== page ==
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      Prevalence of risk factors for chronic kidney disease among adults in a university community in southern Nigeria

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          The rising prevalence of chronic kidney disease (CKD) remains a global public health challenge particularly in developing countries, including our local environment, where subjects with the disease present late and may already be in need of renal replacement therapy. Early detection of modifiable risk factors of CKD is a plausible strategy to reduce its prevalence and burden. The 2014 World Kidney Day (WKD) exercise provided a veritable opportunity to identify CKD risk factors among adult Nigerians for early intervention.


          Subjects were mobilized from the University community for the 2014 WKD exercise. The parameters assessed were demographics, Body mass index (BMI), blood pressures, proteinuria, glycosuria, serum creatinine and fasting plasma glucose. Glomerular Filtration Rate (GFR) was estimated using the Cockcroft-Gault equation. Data were analyzed using SPSS version 17.0.


          A total of 259 volunteers were studied, mean age of 28.3±9.7years (16-66years). Males comprised 135(52.1%) while 124(47.9%) were females. The frequency of risk factors of CKD observed were obesity in 31(12.2%) subjects, proteinuria and glycosuria in 32(12.4%) and 7(2.7%) subjects respectively. Hypertension and hyperglycaemia were seen in 54(20.8%) and 11(4.3%) of subjects respectively. Five subjects (1.9%) had e-GFR < 60mls/min/1.73m 2.


          Prevalence of CKD risk factors in this study population was high. There is need for continuous education, regular screening for early detection and early intervention by risk factor modification to prevent and/or reduce the growing burden of CKD and its sequelae in Nigeria.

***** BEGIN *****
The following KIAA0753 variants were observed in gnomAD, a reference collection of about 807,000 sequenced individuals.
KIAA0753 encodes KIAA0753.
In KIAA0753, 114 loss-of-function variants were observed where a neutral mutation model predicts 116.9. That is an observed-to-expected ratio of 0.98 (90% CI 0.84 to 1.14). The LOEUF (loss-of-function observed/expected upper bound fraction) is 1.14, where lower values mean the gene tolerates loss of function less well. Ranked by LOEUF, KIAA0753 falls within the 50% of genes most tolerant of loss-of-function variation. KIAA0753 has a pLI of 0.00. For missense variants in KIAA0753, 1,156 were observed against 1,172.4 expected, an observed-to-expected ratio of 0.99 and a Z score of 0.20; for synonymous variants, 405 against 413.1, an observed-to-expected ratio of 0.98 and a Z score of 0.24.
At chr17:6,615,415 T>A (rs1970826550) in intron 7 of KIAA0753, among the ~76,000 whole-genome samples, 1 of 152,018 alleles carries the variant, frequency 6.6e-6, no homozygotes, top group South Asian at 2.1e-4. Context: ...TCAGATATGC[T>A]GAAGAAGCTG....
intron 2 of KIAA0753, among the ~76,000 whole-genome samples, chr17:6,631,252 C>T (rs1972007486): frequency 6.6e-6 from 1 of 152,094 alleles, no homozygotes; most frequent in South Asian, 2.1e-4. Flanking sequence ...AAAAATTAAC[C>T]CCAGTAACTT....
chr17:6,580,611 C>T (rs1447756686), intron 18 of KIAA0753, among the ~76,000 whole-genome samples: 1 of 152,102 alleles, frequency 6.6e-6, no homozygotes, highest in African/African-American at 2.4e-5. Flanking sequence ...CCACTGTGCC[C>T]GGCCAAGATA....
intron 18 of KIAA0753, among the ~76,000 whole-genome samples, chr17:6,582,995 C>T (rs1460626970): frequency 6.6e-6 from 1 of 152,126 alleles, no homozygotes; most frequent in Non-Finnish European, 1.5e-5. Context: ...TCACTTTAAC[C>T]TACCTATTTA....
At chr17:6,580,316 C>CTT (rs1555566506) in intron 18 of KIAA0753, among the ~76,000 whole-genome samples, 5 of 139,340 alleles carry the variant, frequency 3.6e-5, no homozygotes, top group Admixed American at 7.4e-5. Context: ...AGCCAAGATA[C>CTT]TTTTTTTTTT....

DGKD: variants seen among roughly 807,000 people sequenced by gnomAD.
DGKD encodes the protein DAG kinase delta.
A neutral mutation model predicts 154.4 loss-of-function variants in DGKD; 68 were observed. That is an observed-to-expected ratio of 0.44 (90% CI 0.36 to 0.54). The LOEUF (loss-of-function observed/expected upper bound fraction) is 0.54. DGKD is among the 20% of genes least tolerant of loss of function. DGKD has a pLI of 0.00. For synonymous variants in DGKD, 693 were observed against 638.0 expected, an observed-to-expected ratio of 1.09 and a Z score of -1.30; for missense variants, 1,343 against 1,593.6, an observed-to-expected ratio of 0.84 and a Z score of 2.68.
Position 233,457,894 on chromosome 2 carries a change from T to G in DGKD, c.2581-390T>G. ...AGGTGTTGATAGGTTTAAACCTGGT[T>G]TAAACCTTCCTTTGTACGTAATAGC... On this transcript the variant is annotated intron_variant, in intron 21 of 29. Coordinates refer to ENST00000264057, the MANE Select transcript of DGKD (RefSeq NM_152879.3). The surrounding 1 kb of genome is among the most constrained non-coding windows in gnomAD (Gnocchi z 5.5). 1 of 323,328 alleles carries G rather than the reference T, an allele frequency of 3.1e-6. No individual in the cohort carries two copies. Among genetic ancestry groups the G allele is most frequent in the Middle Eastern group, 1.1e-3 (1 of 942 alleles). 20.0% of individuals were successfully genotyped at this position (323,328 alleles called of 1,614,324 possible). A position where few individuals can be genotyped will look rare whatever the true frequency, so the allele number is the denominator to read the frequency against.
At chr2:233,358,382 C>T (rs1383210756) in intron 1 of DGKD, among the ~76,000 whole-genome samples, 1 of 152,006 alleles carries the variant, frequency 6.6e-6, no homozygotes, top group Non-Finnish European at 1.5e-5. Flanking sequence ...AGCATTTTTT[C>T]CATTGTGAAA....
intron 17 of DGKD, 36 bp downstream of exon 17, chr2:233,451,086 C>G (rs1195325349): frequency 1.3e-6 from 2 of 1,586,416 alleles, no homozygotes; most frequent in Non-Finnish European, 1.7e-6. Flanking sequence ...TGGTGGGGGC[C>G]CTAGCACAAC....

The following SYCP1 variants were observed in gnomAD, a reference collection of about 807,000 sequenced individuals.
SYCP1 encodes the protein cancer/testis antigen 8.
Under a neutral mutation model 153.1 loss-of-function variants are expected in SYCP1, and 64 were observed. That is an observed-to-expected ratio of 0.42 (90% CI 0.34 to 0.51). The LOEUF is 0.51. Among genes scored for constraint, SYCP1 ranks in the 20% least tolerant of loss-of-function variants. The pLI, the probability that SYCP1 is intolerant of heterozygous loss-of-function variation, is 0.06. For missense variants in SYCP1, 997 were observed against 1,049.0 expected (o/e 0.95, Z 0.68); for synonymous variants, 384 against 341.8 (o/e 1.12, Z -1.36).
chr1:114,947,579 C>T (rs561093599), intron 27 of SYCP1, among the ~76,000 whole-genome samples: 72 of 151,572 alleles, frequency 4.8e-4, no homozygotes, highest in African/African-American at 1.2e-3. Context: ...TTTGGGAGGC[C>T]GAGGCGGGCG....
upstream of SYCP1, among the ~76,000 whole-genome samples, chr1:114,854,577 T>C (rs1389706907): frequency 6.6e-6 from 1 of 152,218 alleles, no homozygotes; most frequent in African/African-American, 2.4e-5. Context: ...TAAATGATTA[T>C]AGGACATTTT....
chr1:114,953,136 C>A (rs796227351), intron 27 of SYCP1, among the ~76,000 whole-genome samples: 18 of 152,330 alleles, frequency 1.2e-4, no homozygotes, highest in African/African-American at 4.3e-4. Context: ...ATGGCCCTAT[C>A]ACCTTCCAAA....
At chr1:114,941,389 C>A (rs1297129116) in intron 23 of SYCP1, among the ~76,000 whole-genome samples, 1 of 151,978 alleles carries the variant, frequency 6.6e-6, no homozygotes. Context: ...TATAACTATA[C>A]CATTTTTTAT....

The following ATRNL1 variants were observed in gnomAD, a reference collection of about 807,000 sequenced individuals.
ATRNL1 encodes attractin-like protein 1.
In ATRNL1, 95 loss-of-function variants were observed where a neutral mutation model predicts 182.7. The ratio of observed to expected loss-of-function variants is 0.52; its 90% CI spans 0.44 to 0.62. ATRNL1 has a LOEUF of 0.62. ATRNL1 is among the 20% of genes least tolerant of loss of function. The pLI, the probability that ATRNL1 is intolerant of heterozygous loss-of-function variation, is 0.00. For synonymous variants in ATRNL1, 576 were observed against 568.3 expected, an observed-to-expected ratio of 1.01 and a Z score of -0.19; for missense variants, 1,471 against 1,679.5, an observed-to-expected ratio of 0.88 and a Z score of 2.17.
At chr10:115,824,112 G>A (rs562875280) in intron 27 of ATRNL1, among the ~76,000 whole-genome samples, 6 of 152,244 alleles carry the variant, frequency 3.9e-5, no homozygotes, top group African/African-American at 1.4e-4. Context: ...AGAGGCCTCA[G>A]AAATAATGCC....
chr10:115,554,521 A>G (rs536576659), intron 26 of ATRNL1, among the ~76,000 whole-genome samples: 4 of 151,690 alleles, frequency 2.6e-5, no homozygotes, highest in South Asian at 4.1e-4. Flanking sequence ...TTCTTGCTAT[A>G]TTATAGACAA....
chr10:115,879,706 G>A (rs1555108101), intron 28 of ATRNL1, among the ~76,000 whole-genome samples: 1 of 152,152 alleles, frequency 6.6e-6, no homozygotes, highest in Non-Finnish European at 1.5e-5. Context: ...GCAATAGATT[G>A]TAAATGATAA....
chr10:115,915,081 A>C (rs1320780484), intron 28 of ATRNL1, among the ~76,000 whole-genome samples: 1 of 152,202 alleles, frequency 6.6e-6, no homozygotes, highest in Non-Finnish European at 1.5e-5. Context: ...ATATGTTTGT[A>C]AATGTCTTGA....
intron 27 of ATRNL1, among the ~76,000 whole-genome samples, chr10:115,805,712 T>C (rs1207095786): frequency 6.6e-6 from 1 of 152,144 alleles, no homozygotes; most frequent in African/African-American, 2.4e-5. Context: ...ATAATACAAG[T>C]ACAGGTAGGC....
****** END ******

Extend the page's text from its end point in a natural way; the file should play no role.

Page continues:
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          Most cited references 26

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          World Health Organization.

           Ala Alwan (2007)
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            Prediction of creatinine clearance from serum creatinine.

            A formula has been developed to predict creatinine clearance (Ccr) from serum creatinine (Scr) in adult males: (see article)(15% less in females). Derivation included the relationship found between age and 24-hour creatinine excretion/kg in 249 patients aged 18-92. Values for Ccr were predicted by this formula and four other methods and the results compared with the means of two 24-hour Ccr's measured in 236 patients. The above formula gave a correlation coefficient between predicted and mean measured Ccr's of 0.83; on average, the difference predicted and mean measured values was no greater than that between paired clearances. Factors for age and body weight must be included for reasonable prediction.
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              Chronic kidney disease in the developing world.


                Author and article information

                Pan Afr Med J
                Pan Afr Med J
                The Pan African Medical Journal
                The African Field Epidemiology Network
                13 June 2015
                : 21
                [1 ]Department of Medicine, Faculty of Clinical Sciences, College of Health Sciences, University of Port Harcourt, Nigeria
                [2 ]Department of Internal Medicine, University of Port Harcourt Teaching Hospital, Port Harcourt, Nigeria
                Author notes
                [& ]Corresponding author: Chinyere Mmanwanyi Wachukwu, Department of Medicine, Faculty of Clinical Sciences, College of Health Sciences, University of Port Harcourt, Nigeria, Department of Internal Medicine, University of Port Harcourt Teaching Hospital, Port Harcourt, Nigeria
                © Chinyere Mmanwanyi Wachukwu et al.

                The Pan African Medical Journal - ISSN 1937-8688. This is an Open Access article distributed under the terms of the Creative Commons Attribution License which permits unrestricted use, distribution, and reproduction in any medium, provided the original work is properly cited.



                chronic kidney disease (ckd), risk factors, prevention


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